As a university student, Katarína Kaszasová actively participated in the Velvet Revolution – which she says possibly stopped her spending the rest of her working life in a chemical industry - and witnessed the split of the then Czechoslovakia into two independent countries.
After graduating as a chemist, she turned her hand to auditing and, after spending more than two decades working for international auditors, the Slovak state and holding a senior position at the European Investment Bank (EIB), she recently became the country’s top auditor as the head of the Auditing Oversight Authority.
But speaking to The Slovak Spectator, she explained that it is her work, not her job title, that motivates her.
“What primarily drives me forward is the feeling that my work has a sense of purpose, not the figure on my payslip or the prestige of the position,” she said. “I have to enjoy my work – it gives me a sense of freedom.”
From chemistry to auditing
Kaszasová was born in 1970, growing up with her parents, both chemists, in Ružomberok, in central -north Slovakia. She does not remember the town for the notorious bad smell from the local paper mill, but for its surrounding mountains, which triggered a love of mountains and sports which remains today.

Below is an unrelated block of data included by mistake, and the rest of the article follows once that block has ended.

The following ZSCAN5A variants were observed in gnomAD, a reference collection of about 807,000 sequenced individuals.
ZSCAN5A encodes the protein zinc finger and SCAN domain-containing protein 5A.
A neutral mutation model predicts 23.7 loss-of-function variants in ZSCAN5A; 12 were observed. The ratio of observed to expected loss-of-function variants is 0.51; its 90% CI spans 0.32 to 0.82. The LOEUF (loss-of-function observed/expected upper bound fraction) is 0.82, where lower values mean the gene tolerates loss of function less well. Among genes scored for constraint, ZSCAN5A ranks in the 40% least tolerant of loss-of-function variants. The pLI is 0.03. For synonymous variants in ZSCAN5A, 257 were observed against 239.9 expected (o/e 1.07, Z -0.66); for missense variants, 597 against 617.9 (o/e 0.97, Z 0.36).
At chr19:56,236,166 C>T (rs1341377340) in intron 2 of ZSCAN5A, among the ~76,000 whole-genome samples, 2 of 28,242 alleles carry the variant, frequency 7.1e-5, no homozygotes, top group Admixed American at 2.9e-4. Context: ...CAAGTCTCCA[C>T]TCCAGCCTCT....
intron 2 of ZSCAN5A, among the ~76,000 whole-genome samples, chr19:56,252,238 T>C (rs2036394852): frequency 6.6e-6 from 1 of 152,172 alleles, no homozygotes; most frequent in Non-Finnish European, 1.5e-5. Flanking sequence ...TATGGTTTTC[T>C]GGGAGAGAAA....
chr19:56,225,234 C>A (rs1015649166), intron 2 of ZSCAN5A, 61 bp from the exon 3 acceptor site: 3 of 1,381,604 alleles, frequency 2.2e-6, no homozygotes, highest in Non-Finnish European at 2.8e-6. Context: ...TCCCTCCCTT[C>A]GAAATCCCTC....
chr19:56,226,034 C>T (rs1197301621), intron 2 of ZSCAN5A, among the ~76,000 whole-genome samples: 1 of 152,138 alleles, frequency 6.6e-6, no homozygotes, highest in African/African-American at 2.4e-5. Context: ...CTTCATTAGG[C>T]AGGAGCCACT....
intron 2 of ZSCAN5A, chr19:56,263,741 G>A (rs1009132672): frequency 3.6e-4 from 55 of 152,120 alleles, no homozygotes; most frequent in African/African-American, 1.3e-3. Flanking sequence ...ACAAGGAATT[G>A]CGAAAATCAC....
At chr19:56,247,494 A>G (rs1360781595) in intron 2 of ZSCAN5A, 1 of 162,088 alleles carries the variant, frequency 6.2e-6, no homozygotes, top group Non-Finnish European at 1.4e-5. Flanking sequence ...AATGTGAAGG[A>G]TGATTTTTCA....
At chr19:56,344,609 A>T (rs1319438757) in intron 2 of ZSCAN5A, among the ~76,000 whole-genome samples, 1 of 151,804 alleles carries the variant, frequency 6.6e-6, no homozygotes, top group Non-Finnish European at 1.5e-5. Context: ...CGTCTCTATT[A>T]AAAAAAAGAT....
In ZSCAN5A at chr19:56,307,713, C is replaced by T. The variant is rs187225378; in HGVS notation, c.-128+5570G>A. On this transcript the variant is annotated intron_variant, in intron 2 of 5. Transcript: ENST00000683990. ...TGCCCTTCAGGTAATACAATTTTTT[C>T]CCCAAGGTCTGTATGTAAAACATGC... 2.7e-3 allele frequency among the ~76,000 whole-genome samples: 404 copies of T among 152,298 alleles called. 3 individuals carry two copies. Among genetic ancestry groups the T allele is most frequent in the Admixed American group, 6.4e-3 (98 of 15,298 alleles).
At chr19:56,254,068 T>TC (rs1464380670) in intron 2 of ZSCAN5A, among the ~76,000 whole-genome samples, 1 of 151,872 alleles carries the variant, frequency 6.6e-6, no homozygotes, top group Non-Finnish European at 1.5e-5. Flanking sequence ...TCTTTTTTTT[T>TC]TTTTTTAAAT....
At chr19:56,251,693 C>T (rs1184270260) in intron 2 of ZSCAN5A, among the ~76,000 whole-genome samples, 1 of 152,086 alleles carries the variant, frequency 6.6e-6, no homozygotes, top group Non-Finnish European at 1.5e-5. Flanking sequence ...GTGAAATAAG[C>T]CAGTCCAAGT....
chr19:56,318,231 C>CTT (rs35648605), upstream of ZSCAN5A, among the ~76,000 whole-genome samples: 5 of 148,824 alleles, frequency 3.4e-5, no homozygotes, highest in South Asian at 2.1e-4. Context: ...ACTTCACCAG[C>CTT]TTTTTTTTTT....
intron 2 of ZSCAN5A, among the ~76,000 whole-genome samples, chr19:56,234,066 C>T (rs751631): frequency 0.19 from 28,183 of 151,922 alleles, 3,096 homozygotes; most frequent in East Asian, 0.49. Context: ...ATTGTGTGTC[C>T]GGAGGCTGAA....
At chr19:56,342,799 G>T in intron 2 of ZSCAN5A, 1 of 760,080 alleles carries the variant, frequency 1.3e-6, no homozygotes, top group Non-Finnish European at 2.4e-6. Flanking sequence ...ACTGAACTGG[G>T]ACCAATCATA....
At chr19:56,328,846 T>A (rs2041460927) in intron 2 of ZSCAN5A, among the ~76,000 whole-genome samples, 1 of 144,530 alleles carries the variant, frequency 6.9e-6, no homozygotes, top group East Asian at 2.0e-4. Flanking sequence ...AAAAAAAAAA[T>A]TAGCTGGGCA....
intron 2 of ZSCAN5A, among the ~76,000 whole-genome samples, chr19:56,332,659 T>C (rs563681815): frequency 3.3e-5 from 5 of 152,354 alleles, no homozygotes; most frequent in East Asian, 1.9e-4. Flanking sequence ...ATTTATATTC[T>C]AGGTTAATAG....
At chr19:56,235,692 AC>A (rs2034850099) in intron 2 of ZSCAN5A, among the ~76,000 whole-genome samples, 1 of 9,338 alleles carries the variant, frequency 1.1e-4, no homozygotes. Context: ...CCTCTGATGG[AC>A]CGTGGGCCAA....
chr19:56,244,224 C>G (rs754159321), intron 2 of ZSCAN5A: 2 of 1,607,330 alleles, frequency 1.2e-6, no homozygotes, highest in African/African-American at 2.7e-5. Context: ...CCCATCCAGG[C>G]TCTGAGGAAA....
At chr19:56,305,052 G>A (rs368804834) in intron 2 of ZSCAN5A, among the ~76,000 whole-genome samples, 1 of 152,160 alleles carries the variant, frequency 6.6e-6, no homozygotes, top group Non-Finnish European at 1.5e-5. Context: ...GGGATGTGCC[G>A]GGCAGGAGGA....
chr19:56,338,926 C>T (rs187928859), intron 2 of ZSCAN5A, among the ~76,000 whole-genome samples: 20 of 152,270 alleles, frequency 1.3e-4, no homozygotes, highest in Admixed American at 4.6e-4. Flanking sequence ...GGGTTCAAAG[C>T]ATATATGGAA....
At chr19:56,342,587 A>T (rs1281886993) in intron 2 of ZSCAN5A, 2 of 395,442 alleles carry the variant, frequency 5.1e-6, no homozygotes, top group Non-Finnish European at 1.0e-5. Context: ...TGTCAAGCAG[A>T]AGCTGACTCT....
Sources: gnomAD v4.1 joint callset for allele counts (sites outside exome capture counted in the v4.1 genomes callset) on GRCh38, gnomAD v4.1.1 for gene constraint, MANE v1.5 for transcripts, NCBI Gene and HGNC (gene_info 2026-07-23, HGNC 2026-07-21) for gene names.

But unlike most other children who spent their summer holidays with their grandparents in the countryside, she used to spend hers with her grandparents in big cities, Nitra and Bratislava.
She especially remembers the time she spent in the capital with her grandfather, Roman Kaliský, a writer and a journalist who was persecuted by the communist regime and forced to work as a bricklayer after 1968.
Living with him during those summers helped form her character, she said.
“He was a great man, who stood firmly behind his opinions and never gave up,” said Kaszasová, adding that her close relationship with him formed her enduring love of books, and of speaking openly regardless of the consequences.